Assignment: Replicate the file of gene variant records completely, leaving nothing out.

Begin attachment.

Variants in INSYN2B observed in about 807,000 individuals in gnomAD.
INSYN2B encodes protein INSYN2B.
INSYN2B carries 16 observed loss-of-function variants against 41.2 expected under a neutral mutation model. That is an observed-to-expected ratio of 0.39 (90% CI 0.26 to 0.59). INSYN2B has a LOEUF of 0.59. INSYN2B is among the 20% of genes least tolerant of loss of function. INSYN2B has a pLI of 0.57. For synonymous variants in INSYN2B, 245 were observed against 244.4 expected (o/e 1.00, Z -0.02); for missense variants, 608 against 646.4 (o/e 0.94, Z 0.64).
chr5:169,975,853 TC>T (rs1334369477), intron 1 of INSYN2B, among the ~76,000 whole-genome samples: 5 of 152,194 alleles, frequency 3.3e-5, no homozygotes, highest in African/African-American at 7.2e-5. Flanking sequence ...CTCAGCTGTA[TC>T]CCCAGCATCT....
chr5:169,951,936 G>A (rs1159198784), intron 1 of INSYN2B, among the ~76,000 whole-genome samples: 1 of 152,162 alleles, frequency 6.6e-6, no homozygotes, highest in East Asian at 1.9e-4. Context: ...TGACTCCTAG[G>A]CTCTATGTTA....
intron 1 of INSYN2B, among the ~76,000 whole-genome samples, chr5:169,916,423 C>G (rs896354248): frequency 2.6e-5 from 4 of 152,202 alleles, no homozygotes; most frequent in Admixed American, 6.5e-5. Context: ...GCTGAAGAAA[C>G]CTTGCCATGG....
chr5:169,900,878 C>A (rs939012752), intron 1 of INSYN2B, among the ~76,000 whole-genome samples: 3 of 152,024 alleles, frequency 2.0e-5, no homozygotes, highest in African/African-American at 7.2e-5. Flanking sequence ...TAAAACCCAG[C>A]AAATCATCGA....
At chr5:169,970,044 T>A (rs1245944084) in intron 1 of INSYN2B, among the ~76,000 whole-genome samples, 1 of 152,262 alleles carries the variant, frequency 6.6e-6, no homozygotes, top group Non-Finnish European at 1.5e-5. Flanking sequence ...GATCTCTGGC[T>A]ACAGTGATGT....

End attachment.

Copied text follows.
Variants in INSYN2B observed in about 807,000 individuals in gnomAD.
INSYN2B encodes protein INSYN2B.
INSYN2B carries 16 observed loss-of-function variants against 41.2 expected under a neutral mutation model. That is an observed-to-expected ratio of 0.39 (90% CI 0.26 to 0.59). INSYN2B has a LOEUF of 0.59. INSYN2B is among the 20% of genes least tolerant of loss of function. INSYN2B has a pLI of 0.57. For synonymous variants in INSYN2B, 245 were observed against 244.4 expected (o/e 1.00, Z -0.02); for missense variants, 608 against 646.4 (o/e 0.94, Z 0.64).
chr5:169,975,853 TC>T (rs1334369477), intron 1 of INSYN2B, among the ~76,000 whole-genome samples: 5 of 152,194 alleles, frequency 3.3e-5, no homozygotes, highest in African/African-American at 7.2e-5. Flanking sequence ...CTCAGCTGTA[TC>T]CCCAGCATCT....
chr5:169,951,936 G>A (rs1159198784), intron 1 of INSYN2B, among the ~76,000 whole-genome samples: 1 of 152,162 alleles, frequency 6.6e-6, no homozygotes, highest in East Asian at 1.9e-4. Context: ...TGACTCCTAG[G>A]CTCTATGTTA....
intron 1 of INSYN2B, among the ~76,000 whole-genome samples, chr5:169,916,423 C>G (rs896354248): frequency 2.6e-5 from 4 of 152,202 alleles, no homozygotes; most frequent in Admixed American, 6.5e-5. Context: ...GCTGAAGAAA[C>G]CTTGCCATGG....
chr5:169,900,878 C>A (rs939012752), intron 1 of INSYN2B, among the ~76,000 whole-genome samples: 3 of 152,024 alleles, frequency 2.0e-5, no homozygotes, highest in African/African-American at 7.2e-5. Flanking sequence ...TAAAACCCAG[C>A]AAATCATCGA....
At chr5:169,970,044 T>A (rs1245944084) in intron 1 of INSYN2B, among the ~76,000 whole-genome samples, 1 of 152,262 alleles carries the variant, frequency 6.6e-6, no homozygotes, top group Non-Finnish European at 1.5e-5. Flanking sequence ...GATCTCTGGC[T>A]ACAGTGATGT....